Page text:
Purveyors of Caledonian soul music since 1990, Texas mark their 25th anniversary by reworking their biggest hits with the New York production team Truth and Soul, whose past clients and collaborators include Adele, Amy Winehouse and Lee Fields.
Singer Sharleen Spiteri declared the band’s intention was to “strip the songs back and perform them in a different way”, adding Truth and Soul had looked at their songs with “fresh eyes”.
Yet for all the skill and tastefulness in these horn-heavy arrangements, it’s hard to shake the impression that this album is the sound of a band playing it safe.
Pleasant though the likes of Halo and The Conversation are, there’s little attempt to deconstruct them or nudge them in a new direction. Only the new reggae lilt to Summer Son pushes the envelope.
25 as a whole could have challenged expectations more.
The real Northern Soul deal can be found in The Odyssey, a magnificent eight-CD box set from the specialist reissue label Harmless.
An exhaustive collection includes Twisted Wheel, Golden Torch, Blackpool Mecca and Wigan Casino favourites from such artists as Darrell Banks, The O’Jays, Archie Bell and the Drells, Jerry Williams, Gloria Jones and Terry Callier.
Northern Soul aficionado Ian Dewhirst curated the project while Mike Riston, publisher of Manifesto magazine, lent his vast knowledge of the 45-year-old scene to an accompanying booklet.
Complete with two DVDs, one of which features and interview with enigmatic record dealer John Anderson, this is as impressive an overview of the Northern Soul phenomenon that you are likely to find.
A former drummer with the Icelandic hardcore band Fighting S***, Olafur Arnalds subsequently found his niche in neoclassical electronic music.
His slow, moody work has enhanced the atmosphere in films such as The Hunger Games and Gimme Shelter.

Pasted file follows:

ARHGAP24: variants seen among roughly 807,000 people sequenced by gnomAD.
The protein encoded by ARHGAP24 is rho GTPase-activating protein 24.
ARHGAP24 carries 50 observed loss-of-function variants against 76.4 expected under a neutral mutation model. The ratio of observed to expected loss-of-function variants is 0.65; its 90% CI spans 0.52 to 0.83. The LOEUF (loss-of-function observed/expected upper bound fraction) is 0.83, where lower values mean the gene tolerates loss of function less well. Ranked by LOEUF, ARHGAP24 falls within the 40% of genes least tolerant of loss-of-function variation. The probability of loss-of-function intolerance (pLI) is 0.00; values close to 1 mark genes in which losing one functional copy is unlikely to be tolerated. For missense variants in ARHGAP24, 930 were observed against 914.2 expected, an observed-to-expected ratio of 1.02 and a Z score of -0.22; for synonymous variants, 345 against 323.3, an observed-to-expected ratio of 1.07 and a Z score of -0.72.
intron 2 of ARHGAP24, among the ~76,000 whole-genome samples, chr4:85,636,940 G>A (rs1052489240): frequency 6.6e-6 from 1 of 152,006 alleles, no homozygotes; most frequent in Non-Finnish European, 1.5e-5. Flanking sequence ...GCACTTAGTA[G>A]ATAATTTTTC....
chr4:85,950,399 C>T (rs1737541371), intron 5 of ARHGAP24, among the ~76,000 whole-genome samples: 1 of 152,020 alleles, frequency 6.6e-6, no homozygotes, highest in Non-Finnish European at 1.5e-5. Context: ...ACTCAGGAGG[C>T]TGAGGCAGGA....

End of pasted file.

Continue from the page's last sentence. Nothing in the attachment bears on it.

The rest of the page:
Television writer Chris Chibnall, a longtime fan, approached Arnalds to score his police procedural drama Broadchurch in 2013. It subsequently won a Bafta and a digital EP was streamed 2.5 million times on Spotify and Deezer.
This full album, like the series itself, is chilly and pensive, with an undertow of dark foreboding.
Olafur Arnalds performs at the Howard Assembly Room on Friday, February 27.
Crissie Rhodes and Ben Earle’s sweet harmonies may sound like they come from deepest Tennessee but in fact the duo hail from England’s Home Counties.
Major label Decca was so impressed that it’s revived its Nashville imprint, previously reserved for country queens such as Patsy Cline, Loretta Lynn and Dolly Parton.
The Shires acknowledge their American influences early on in this album. “We can build our own Nashville under these grey skies/People will come from far and wide.” But also fly the flag for their homeland in the song Made in England.
It’s instantly likeable – Friday Night is a particularly catchy end-of-the-working-week anthem, Jekyll and Hyde rocks convincingly too.
What’s perhaps missing is the heartache that the similar-sounding Civil Wars used to essay so well. Nonetheless Brave is a solid and melodic debut.